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DTU Relay 2019 - ASM was represented with two teams

Mg-based battery technologies are one of the most promising alternatives to replace Li-ion batteries in the near future.

The ASC section trying out curling.

Battery 2030+: New large-scale and long-term research initiative in EU 

Prof. Tejs Vegge receives the Mission Innovation Champion Award from EU Commissioner Carlos Moedas.

https://www.energy.dtu.dk/english/news/nyhed?id=39E857A8-1FC5-4C15-BCF8-856F0755DEB9

AiMade – A new initiative on Autonomous Materials Discovery at DTU Energy

Contact Head of Section

Tejs Vegge
Professor, Head of Section
DTU Energy
+45 45 25 82 01

Contact Section Secretary

Karina Ulvskov Frederiksen
Section Secretary (Secretariat)
DTU Energy
+45 45 25 82 02

Research focus

The scientific focus in Section for Atomic Scale Materials Modelling (ASM) is centered on computational design and characterization of materials for energy conversion and storage, based on a detailed atomic-scale understanding of their structure and kinetics. An essential aspect of our work is the development and application of novel computational approaches, which are linked closely to experimental in situ structural and electrochemical characterization.

The two main research areas in ASM are Next-generation battery materials and Electrocatalystic reactions and materials, but the section has several other activities, including Solid-state storage of gas-phase energy carriers, Solar cells and photocatalysis, and Resistive switching memories. Common for the different research areas is a shared computational framework based on Computational screening and prediction of composition/structure and Ionic and electronic transport mechanisms.

Charge Transfer in Molecular Materials

 

Zhu T., Van Voorhis T., de Silva Piotr, Andreoni W., Yip S. (eds) Handbook of Materials Modeling. Springer, Cham, pp 1-31


Read the paper here.

A host of devices exploits charge transfer characteristics of the underlying materials. Here, we present a concise review of the principles of charge transfer in molecular materials. After a brief summary of the key concepts of Marcus theory, we discuss the key molecular and material properties that influence charge transfer and how they can be accounted for. Using organic PV and LED materials as a case study, we illustrate how these concepts can be used to better understand the microscopic properties that underpin device function in real devices.

 

Improved Electrocatalytic Water Splitting Reaction on CeO2(111) by Strain Engineering: A DFT+U Study

 

Tiantian Wu, Tejs Vegge, Heine Anton Hansen, ACS Catalysis 2019, 9, 4853−4861 DOI: 10.1021/acscatal.9b00203


Read the paper here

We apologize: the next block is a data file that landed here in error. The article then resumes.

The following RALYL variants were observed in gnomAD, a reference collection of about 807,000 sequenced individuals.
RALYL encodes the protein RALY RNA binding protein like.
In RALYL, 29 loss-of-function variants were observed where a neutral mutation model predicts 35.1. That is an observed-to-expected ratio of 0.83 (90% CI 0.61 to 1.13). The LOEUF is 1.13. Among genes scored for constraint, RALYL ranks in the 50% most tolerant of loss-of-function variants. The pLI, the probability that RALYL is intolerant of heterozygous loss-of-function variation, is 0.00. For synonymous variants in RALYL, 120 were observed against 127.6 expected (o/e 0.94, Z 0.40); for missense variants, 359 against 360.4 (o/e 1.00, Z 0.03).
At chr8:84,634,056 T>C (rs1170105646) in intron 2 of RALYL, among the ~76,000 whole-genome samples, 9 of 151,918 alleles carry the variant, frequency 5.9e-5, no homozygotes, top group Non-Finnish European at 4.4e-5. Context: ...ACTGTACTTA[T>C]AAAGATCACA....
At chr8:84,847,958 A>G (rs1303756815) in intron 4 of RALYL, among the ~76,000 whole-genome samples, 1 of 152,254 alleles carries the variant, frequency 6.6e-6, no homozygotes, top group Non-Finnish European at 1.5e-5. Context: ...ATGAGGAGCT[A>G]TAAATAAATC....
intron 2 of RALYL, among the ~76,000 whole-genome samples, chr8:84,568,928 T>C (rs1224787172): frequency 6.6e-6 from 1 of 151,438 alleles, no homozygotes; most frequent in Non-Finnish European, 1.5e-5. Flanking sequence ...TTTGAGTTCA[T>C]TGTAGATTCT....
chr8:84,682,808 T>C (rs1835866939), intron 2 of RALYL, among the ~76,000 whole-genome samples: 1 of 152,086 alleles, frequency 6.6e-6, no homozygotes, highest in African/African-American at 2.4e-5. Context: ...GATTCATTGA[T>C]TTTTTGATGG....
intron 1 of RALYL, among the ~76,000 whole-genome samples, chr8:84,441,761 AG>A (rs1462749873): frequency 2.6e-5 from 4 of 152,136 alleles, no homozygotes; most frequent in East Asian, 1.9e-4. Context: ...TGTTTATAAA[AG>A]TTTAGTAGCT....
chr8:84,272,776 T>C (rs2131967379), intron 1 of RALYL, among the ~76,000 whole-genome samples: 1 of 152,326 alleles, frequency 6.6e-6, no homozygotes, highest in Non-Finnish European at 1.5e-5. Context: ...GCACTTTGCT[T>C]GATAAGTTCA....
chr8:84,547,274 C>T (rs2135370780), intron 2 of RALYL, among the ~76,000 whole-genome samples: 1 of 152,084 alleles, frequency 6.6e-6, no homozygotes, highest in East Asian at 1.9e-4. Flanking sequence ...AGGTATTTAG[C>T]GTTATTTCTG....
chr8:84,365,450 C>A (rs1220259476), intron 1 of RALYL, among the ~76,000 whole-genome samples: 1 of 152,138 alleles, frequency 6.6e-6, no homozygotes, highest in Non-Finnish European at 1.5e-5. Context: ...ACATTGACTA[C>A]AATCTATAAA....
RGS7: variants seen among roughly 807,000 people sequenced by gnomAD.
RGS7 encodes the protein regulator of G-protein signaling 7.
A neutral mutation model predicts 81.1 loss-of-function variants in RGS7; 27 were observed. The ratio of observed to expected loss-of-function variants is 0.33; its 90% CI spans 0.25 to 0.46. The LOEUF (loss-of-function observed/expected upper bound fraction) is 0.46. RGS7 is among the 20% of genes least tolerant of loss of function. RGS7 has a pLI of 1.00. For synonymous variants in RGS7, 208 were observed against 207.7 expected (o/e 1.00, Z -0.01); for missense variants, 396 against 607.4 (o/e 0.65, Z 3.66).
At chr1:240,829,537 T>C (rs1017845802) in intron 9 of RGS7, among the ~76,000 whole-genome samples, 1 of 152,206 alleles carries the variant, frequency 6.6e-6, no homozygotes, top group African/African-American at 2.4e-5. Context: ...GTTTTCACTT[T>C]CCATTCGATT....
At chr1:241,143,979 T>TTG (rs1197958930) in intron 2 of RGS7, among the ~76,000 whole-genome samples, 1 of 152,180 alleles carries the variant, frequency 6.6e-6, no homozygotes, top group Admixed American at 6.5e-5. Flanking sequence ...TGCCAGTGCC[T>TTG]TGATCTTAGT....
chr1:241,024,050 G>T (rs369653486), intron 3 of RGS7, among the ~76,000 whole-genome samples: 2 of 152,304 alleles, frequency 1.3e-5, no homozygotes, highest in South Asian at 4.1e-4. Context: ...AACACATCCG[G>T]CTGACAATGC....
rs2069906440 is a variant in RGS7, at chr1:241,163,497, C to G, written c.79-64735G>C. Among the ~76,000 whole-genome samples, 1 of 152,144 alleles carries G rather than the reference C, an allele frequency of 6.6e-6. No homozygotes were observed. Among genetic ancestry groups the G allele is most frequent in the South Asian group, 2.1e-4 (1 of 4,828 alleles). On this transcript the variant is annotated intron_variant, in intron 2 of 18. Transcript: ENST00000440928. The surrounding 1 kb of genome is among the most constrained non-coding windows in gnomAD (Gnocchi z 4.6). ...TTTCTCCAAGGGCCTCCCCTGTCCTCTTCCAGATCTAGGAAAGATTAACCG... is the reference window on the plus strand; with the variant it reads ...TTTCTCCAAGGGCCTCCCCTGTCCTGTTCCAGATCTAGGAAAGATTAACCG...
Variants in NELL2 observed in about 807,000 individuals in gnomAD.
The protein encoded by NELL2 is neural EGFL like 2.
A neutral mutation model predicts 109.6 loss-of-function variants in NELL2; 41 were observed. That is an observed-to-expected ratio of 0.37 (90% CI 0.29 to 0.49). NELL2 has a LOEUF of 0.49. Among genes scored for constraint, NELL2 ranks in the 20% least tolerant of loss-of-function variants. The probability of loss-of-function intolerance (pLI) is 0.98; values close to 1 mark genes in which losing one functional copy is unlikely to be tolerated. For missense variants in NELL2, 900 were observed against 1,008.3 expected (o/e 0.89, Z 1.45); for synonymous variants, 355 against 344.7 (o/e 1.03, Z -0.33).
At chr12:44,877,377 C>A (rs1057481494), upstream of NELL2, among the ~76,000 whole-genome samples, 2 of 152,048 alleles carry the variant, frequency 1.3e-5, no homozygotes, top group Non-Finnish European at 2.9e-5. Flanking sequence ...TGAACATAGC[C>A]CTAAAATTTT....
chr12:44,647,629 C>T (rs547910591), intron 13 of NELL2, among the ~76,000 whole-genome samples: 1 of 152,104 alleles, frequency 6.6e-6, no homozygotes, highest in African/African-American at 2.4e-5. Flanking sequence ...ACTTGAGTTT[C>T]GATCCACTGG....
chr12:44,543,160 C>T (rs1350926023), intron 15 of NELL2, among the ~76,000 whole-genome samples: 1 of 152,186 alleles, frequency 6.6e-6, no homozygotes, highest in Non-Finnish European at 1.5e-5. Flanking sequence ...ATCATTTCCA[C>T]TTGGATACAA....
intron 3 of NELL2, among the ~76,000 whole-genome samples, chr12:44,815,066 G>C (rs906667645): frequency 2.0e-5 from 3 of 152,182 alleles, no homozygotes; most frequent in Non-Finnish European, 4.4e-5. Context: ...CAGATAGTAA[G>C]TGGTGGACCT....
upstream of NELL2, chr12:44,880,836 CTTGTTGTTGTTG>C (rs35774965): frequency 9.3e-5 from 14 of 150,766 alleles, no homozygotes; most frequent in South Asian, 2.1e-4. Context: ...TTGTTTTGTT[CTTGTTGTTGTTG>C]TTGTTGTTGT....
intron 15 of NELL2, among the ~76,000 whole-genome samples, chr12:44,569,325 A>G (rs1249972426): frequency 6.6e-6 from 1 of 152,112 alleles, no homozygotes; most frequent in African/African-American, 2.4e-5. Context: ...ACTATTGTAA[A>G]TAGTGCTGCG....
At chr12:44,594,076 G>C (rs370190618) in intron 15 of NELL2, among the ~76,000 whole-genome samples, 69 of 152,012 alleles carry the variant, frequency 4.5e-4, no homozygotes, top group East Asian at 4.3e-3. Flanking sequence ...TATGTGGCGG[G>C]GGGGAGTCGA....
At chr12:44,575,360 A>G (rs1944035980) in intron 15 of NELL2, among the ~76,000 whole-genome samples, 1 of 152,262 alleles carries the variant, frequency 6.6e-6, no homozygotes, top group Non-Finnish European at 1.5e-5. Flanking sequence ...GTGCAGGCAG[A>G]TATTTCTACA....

By using DFT+U, we find tensile strain stabilizes the reduced states of ceria such as oxygen vacancies and surface hydroxyls, while compressive strain destabilizes the reduced states. The hydroxyl decomposition into H2 has the highest activation energy along the reaction pathway (Ea) and that the free energy of hydroxyl formation (ΔGH) prior to hydroxyl decomposition can act as a thermodynamic barrier to the water splitting reaction (WSR). Compressive strain (< -3.0%) correlates strongly with increased WSR activity on CeO2(111) because it reduces the total barrier (ΔGH+Ea).

Genetic algorithms for computational materials discovery accelerated by machine learning


Paul C. Jennings, Steen Lysgaard, Jens S. Hummelshøj, Tejs Vegge and Thomas Bligaard, (2019), Npj Computational Materials5(1), 46

 

You can read the paper here.

To combine the robust qualities of a genetic algorithm with rapid machine learning, we train a machine learning model on-the-fly as a computationally inexpensive energy predictor before analyzing how to augment convergence in genetic algorithm-based approaches by using the model as a surrogate. The approach is used to search for stable nanoalloy catalysts and, in this case, yields a 50-fold reduction in the number of required energy calculations compared to a traditional “brute force” genetic algorithm. This makes searching through the space of all homotops and compositions of a binary alloy particle in a given structure feasible, using density functional theory calculations.

R-NEB: Accelerated Nudged Elastic Band Calculations by Use of Reflection Symmetry

 

Nicolai Rask Mathiesen, Hannes Jónsson, Tejs Vegge, and Juan Maria García Lastra

J. Chem. Theory Comput., 2019, 15 (5), pp 3215–3222

DOI: 10.1021/acs.jctc.8b01229

 

You can read the paper here.

The nudged elastic band (NEB) method is used for determining minimum energy paths of kinetic processes. Many transitions of interest occur in systems with a structural symmetry which can be exploited. Here, we present reflection-NEB (R-NEB) which identify reflection symmetric paths and make sure only the symmetry inequivalent part of path needs to be treated with explicit force calculations. This results in a speed up factor of 2. Additional speed up can be achieved if only the height of the barrier is needed in which case single image NEB calculations can often be trusted.